Pakistan will go ahead with its engagement with Kashmiri separatists during national security adviser Sartaj Aziz’s visit, foreign office spokesperson Qazi Khalilullah said on Thursday, hours after the arrest drama in Srinagar.
India suspects the invitation to the separatists to be an attempt by Islamabad to scuttle the NSA-level talks, especially since Delhi had called off foreign secretary talks last year due to the same reason.
In what seemed like more provocation, Pakistan announced it wouldn’t be hosting next month’s Commonwealth Parliamentary Union meeting amid a row with India over its refusal to invite the J-K assembly speaker.
The event in September will now be held in New York and J-K speaker Kavinder Gupta will be a part of it, government sources told HT in Delhi. India had threatened to boycott the meet if the state speaker wasn’t included.
“National security adviser Sartaj Aziz will meet Hurriyat Conference leaders in Delhi as consultations with them are a routine matter,” Khalilullah said, according to Radio Pakistan.
Hurriyat leaders Syed Ali Shah Geelani and Mirwaiz Umer Farooq and other separatist leaders are invited to a reception by the Pakistan high commission in Delhi on Sunday. Aziz, who arrives the same day, is also set to meet Geelani one on one.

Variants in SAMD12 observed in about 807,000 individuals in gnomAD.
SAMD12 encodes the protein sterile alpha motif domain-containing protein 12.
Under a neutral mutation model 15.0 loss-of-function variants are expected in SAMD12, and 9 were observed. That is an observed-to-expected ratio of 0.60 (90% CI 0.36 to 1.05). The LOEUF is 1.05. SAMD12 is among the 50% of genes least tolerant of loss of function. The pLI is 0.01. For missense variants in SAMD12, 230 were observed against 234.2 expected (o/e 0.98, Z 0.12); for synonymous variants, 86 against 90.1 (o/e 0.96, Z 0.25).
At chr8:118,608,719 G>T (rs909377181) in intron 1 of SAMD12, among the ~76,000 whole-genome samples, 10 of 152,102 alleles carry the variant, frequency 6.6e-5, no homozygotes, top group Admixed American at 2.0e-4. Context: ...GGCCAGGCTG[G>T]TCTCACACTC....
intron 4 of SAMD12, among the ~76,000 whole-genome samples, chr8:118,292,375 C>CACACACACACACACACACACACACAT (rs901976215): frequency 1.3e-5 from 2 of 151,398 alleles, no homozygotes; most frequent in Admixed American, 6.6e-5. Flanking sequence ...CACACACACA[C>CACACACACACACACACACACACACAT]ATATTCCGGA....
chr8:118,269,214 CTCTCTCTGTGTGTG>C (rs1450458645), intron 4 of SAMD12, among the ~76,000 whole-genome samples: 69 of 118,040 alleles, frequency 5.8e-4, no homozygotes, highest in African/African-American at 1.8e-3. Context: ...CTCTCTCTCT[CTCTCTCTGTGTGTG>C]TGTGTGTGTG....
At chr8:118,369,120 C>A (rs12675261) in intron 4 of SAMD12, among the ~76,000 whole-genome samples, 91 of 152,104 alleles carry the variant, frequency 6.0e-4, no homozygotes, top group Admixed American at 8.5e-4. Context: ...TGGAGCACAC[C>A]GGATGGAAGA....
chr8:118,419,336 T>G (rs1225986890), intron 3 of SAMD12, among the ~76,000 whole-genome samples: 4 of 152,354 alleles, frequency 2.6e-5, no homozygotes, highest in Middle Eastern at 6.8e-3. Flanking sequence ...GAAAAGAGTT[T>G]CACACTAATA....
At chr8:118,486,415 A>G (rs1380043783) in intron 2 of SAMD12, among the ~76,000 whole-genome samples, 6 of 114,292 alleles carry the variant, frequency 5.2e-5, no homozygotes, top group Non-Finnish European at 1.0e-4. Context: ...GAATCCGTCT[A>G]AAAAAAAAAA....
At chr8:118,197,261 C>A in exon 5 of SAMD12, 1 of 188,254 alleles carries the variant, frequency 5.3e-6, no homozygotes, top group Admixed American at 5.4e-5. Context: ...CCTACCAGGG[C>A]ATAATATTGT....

The talks between Aziz and his counterpart Ajit Doval are scheduled for Monday.
Khalilullah said the final agenda for the NSA talks had not been finalized, while another senior Pakistani official told local media the agenda would be “open ended” to allow both sides to express their concerns. India, though, has clearly said the discussions will be strictly centered around terrorism — including recent attacks in Udhampur and Gurdaspur that have been blamed on Pakistan — and border violence, and that the Kashmir issue is not a part of it.
The Nawaz Sharif government is under pressure from various quarters at home — including the powerful military — to ensure Kashmir is part of the agenda. Officials in Islamabad said Pakistan also wants to raise concerns such as India’s alleged involvement in fomenting trouble in Balochistan. More recently, allegations that the Karachi-based Muttahida Qaumi Movement party received funds from the Indian government have prompted calls for this matter to be taken up with Delhi too.
On the issue of the commonwealth event, Pakistan parliament speaker Sardar Ayaz Sadiq said this would now be held in New York as Islamabad had declined to invite the Kashmiri speaker. “We have clarified to the London secretariat of commonwealth that Kashmir is a disputed territory and it is now impossible for the commonwealth conference to be held in Pakistan. Pakistan cannot overlook the cause of Kashmir at any cost.”
It is a major victory for New Delhi, sources said, suggesting that it had appealed to the Commonwealth Parliamentary Union secretariat to change the venue. They added that India had received support from several other countries.
(With inputs from HTC in Delhi)